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Seanad Éireann debate -
Tuesday, 9 May 2017

Vol. 251 No. 9

Courts (No. 2) Bill 2016: Second Stage

Question proposed: "That the Bill be now read a Second Time."

I am pleased to have this opportunity to introduce the Courts (No. 2) Bill 2016. I look forward to engaging with Members as we progress the Bill through the various Stages. The purpose of the Bill is to provide part of the legislative framework necessary for the introduction of what is termed “the third payment option” regarding road traffic offences in respect of which a fixed charge notice may be served under Part 3 of the Road Traffic Act 2010. This short Bill of just four sections is centred around the amendment, for technical reasons, of section 1 of the Courts (No. 3) Act 1986. It will allow for the integrated printing of a summons and the related fixed charge notice for serving on persons alleged to have committed certain road traffic offences. This will ensure that those who commit such offences can be brought fully to account.

In this respect, the Courts (No. 2) Bill 2016 is a joint initiative between the Tánaiste as Minister for Justice and Equality and the Minister for Transport, Tourism and Sport, Deputy Shane Ross. The intention would be that, when enacted, its reforming measures will be made operative by the Minister, Deputy Ross, through his commencement of section 44 of the Road Traffic Act 2010, that being the section which provides the legislative basis to bring these reforms into practical effect. This Courts (No. 2) Bill will, therefore, provide the legal nuts and bolts for the desired reform while section 44 of the Road Traffic Act 2010 will trigger that reform into operation. The designated date for this to happen, including having the relevant IT supports in place, is 1 June 2017.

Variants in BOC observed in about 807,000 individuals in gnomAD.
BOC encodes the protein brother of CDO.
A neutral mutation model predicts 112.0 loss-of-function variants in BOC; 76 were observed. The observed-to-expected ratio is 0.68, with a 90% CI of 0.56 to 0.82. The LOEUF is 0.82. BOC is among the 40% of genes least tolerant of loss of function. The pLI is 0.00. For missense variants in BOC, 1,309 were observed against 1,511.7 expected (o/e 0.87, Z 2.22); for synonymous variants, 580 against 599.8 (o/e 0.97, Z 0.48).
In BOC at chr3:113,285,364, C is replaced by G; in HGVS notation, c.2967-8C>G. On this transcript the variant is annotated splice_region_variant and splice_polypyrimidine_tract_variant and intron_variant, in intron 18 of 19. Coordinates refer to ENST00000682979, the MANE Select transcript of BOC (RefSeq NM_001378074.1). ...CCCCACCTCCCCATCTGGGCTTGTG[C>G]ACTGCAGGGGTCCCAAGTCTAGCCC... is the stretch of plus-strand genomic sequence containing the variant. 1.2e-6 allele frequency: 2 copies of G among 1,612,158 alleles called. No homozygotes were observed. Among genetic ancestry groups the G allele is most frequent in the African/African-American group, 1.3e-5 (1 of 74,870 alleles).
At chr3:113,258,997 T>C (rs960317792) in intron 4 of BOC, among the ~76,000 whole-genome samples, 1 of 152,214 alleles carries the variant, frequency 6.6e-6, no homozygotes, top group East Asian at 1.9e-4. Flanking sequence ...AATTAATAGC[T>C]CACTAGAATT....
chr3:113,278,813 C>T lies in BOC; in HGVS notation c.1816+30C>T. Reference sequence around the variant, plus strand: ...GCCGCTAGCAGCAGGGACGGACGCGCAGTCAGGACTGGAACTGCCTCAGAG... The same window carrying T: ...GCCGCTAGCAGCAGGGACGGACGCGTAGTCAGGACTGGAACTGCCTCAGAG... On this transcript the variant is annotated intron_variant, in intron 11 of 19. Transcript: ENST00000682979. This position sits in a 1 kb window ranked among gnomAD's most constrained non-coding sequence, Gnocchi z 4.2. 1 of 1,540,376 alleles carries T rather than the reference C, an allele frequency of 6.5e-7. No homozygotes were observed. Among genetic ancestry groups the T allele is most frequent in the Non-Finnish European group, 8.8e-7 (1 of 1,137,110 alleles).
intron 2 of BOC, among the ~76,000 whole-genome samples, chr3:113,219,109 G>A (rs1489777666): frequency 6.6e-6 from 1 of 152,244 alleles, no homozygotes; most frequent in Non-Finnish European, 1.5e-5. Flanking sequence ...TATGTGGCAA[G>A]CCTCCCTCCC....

The reform objective behind the very technical provisions of today’s Bill is to resolve an unintended legal loophole which has emerged over time. At present, under the Road Traffic Act 2002, a person who does not pay a fixed charge notice within the 56 days set down in law is served with a summons. At that point the person has no further payment option and must attend court. However, persons regularly appear in court and state that they did not receive the original fixed charge notice and many such cases are dismissed by the courts. In these cases neither the fixed charge nor the penalty points end up being applied. This can even happen in cases where a person might not be taking issue with the alleged infringement concerned.

As the law stands, a fixed charge notice offence affords two payment options before a summons is issued requiring a person to attend court, namely, a first period of 28 days during which the person may pay the fixed amount followed by a second consecutive period of 28 days, during which the person may pay the fixed amount plus 50%. The key objective now proposed under the Courts (No. 2) Bill is to provide the essential technical and administrative measures to enable the introduction of a third payment option, namely, the payment of the fixed amount plus 100%, while upholding any penalty points concerned without necessitating further court or Garda time. This third option will be made available up to seven days before the date on which an offender will otherwise have been summoned to appear before the court. If a person takes up this option, proceedings in respect of the alleged offence will be discontinued and the person need not attend court.

This is a short but highly technical Bill of four sections. It is important to note that the Bill, as passed by Dáil Éireann, contains some differences, principally related to drafting, compared with the Bill as initiated in December 2016.

These differences arise from Government amendments which were accepted on Committee Stage in the Dáil.